12:30 PM ET

The number of women competing at the highest level of college athletics continues to rise along with an increasing funding gap between men's and women's sports programs.

The state of women in college sports was found in a report released on Thursday.

When looking at the home of the most profitable revenue-generating sports, the Football Bowl Subdivision, the gap was even more pronounced because men's programs received more than double that of women's.

Amy Wilson said it shows schools are investing a lot of money. Football is the primary revenue-generating sport, along with men's basketball, according to the NCAA managing director.

The business side of college sports has changed over time.

When looking at expenditures for recruiting as well as compensation for head coaches and assistant coaches, the gender gap was close to three times. Even with increased expenditures for women, the gap is not new.

The difference between median total expenses for men's and women's programs has grown over the last seven years.

Title IX prohibits discrimination on the basis of sex in any education program or activity receiving federal funds if there are discrepancies between men and women. Concerns are raised when evaluating whether schools are providing equitable opportunities for men and women athletes and how they are spending to achieve those goals.

The numbers are not easy to read. She said that the difference was a big one. The anniversary of Title IX is an ideal time to recommit to funding equitable participation opportunities, experiences, and financial aid for student-athletes in men's and women's athletics programs.

The Knight Commission made another push to eliminate inequity in the NCAA's revenue distribution plan in a letter made public on Thursday.

The NCAA awards 28% of its annual revenue distribution to Division I men's basketball teams' wins and participation in the March Madness tournament according to the letter. The NCAA does not award any money for the performance of women's basketball teams in the tournament. The NCAA's current revenue distribution is not in line with the NCAA's stated commitment to gender equity according to the commission's letter.

The NCAA's power to quickly correct inequity is at odds with the NCAA's bedrock principle of gender equity and should not be delayed. The NCAA's financial incentives inevitably reflect the association's values and priorities and further delay is likely to raise questions about the NCAA's commitment to gender equity.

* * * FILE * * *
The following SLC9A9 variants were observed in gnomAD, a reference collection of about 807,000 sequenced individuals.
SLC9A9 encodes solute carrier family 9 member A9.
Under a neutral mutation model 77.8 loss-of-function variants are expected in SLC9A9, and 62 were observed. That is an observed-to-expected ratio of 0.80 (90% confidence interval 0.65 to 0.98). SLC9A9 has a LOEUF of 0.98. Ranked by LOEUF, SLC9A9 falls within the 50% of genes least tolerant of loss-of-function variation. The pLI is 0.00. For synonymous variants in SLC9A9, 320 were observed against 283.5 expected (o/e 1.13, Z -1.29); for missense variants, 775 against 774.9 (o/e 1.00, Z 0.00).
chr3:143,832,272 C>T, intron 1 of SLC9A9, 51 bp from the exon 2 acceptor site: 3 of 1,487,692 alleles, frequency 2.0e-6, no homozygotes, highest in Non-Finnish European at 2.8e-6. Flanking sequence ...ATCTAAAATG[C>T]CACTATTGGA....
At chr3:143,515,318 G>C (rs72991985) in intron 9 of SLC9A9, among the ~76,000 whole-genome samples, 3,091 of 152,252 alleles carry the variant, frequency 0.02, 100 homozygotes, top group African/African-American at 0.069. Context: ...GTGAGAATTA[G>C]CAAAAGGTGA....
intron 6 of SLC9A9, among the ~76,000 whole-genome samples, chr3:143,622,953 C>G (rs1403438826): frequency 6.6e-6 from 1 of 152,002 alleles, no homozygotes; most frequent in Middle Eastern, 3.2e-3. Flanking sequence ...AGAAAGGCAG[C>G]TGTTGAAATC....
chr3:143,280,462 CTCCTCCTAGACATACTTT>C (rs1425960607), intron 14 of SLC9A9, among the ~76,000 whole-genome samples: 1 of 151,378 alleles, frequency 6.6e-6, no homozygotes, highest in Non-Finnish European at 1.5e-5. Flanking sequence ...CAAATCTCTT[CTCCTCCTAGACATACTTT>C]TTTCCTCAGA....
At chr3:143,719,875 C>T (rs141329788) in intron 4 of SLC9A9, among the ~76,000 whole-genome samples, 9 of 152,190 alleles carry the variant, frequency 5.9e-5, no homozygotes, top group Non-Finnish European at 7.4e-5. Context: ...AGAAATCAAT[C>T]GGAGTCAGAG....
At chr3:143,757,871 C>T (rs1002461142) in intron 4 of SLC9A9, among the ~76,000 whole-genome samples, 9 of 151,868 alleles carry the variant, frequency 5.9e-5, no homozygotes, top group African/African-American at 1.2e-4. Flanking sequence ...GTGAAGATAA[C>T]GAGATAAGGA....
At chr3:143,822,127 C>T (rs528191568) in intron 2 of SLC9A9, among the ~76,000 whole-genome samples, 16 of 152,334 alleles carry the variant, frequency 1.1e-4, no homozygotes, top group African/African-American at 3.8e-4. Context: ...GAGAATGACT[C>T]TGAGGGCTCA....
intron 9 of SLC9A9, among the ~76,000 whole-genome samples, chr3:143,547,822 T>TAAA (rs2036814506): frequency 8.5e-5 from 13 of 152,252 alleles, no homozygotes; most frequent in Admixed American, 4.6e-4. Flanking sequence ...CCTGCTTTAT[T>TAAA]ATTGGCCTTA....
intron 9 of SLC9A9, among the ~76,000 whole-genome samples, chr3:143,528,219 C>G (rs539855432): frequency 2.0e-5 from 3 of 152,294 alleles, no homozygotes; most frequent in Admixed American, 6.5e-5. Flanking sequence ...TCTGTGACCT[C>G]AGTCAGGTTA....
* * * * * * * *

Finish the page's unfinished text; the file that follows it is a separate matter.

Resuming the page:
Title IX compliance can be measured in a number of ways, including the gender breakdown of the program. The study found that Division I athletics couldn't match that standard when looking at data from 2020.

We need to ask ourselves if there are opportunities that could be created and more teams that could be formed. Wilson made a statement.

The governing body for college sports faced criticism for failing to ensure equity for last year's men's and women's basketball tournaments after an outside review.

There are other things that came from the report.

Women are lacking in leadership.

Since the signing of Title IX, fewer women are filling head-coaching roles.

In 1972 the percentage of women's teams led by women coaches was more than 90, but in 2020 it is less than half. The decline in the number of women's teams at that time was attributed to the fact that more men coached women's teams than women coached men's teams.

Richard Lapchick is the director of the Institute for Diversity and Ethics in Sport at Central Florida. TIDES compiles report cards every year looking at diversity hiring for college sports and professional league.

Lapchick told the AP that it was without movement. It is as baffling as any of the statistics we report on. Some issues can usually be improved. This one isn't budging.

According to the study, women have accounted for 20% of athletic directors since 1980 after dropping 22% in 2020.

According to the study, conference commissioners have been the outlier among women in leadership roles, with women accounting for 31% of those roles for the year.

There are issues of diversity.

There was a lack of women of color in those roles.

According to the report, 16% of women working as head coaches of women's teams and 16% of women athletics directors are minorities. The percentages have gone up slightly over the last five years.

There are high school drop offs.

The 1971-72 school year was when the law's implementation took place, and the report shows that girls' participation numbers haven't reached that of boys.

The number of opportunities for boys was more than 264,000 higher than the number of opportunities for girls.

It's 50 years after Title IX, and the college data shows there's still a big participation gap. They don't want to play. I would like to know what the barriers are to that access.

The AP and Heather Dinich contributed to the report.